If I could give advice to my former self, what would I say? Would I tell me to get another job? Would I have explained how hard that year would be and about the financial ramifications? Or would I have said, “Suffer through the trials, for the sake of the future?” I don’t know. If I had told myself everything that was going to happen, I might not have been able to promote the series with the same energy and excitement that I needed to put in those kinds of hours. In retrospect it was probably better that I did what I did without knowing how the future would turn out.

Our family likes to go see movies together. We are also part of the weird group that stays all the way through the end of the credits (to the total annoyance the employees waiting to come in a start cleaning.) Mostly we like to stay because we believe that it is kind of an homage to all the people who made the movie possible. But sometimes we also get rewarded with an Easter egg—a little scene that doesn’t play until the very end when almost everyone has left. It’s a little thing.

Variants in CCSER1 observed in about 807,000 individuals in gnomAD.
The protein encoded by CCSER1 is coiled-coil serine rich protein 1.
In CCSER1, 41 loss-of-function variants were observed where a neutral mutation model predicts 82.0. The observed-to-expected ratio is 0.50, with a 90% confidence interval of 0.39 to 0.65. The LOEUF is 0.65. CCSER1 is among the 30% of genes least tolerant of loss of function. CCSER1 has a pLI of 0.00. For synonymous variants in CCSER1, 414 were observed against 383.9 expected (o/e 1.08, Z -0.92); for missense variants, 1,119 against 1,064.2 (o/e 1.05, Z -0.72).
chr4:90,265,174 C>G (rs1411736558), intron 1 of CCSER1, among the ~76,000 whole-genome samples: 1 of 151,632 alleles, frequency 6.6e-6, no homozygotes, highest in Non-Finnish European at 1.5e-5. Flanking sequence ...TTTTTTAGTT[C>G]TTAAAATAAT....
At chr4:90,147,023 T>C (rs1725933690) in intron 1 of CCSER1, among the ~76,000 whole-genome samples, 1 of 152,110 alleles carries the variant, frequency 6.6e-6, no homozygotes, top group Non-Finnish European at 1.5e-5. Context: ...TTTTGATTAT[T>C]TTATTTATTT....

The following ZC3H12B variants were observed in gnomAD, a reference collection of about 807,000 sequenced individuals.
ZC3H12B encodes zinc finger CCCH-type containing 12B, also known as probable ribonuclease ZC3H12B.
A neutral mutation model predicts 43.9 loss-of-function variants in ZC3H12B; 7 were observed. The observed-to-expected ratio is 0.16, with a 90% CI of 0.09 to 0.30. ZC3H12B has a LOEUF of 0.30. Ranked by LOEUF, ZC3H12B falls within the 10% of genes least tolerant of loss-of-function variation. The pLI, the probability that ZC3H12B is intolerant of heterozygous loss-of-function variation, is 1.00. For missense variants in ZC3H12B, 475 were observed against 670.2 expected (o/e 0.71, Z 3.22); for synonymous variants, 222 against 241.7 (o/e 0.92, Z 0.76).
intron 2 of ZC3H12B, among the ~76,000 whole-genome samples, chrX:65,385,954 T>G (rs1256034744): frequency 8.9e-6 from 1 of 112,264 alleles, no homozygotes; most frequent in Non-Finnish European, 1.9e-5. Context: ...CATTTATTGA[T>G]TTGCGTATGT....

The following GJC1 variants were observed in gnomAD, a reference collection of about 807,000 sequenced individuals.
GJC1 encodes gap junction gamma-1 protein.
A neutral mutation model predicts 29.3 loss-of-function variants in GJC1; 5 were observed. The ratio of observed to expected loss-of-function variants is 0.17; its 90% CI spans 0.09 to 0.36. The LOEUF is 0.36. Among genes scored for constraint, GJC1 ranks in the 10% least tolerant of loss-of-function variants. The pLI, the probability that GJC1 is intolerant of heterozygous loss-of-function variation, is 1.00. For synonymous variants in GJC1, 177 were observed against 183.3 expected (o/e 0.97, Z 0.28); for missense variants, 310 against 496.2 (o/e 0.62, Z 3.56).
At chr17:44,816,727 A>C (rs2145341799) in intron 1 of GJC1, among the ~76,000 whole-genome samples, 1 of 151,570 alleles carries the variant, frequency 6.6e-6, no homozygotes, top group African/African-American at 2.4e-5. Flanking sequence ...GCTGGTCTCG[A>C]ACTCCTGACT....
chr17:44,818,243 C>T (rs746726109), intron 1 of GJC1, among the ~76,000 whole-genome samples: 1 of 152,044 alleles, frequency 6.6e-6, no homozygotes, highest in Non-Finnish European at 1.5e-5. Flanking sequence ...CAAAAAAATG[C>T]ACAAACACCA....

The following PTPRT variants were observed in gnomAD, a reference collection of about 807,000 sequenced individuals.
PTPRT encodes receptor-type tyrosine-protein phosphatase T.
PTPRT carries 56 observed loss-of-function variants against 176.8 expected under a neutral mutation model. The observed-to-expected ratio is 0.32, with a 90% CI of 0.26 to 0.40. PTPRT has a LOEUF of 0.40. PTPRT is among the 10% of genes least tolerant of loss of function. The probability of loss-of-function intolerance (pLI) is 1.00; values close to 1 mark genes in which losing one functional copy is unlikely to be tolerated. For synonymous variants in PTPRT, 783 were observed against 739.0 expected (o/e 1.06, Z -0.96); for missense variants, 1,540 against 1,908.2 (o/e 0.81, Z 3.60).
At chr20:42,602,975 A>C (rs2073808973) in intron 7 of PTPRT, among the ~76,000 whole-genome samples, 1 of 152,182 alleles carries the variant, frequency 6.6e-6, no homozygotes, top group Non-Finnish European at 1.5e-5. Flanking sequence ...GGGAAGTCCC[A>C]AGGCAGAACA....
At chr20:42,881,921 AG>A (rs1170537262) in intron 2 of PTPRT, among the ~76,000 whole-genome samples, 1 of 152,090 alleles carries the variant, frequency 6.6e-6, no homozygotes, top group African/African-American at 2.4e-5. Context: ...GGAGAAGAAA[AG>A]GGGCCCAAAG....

The people who left before seeing it don’t feel like they missed anything. It’s not a key part of the movie. But sometimes it can be one of the most enjoyable parts for us. When I look back at the year of doing school visits, a lot of what I remember is being sick all the time and watching every penny. At times the difficulties seemed almost unbearable. And if I had known that at the end of the year I would be back searching for a job, I might very well have given up.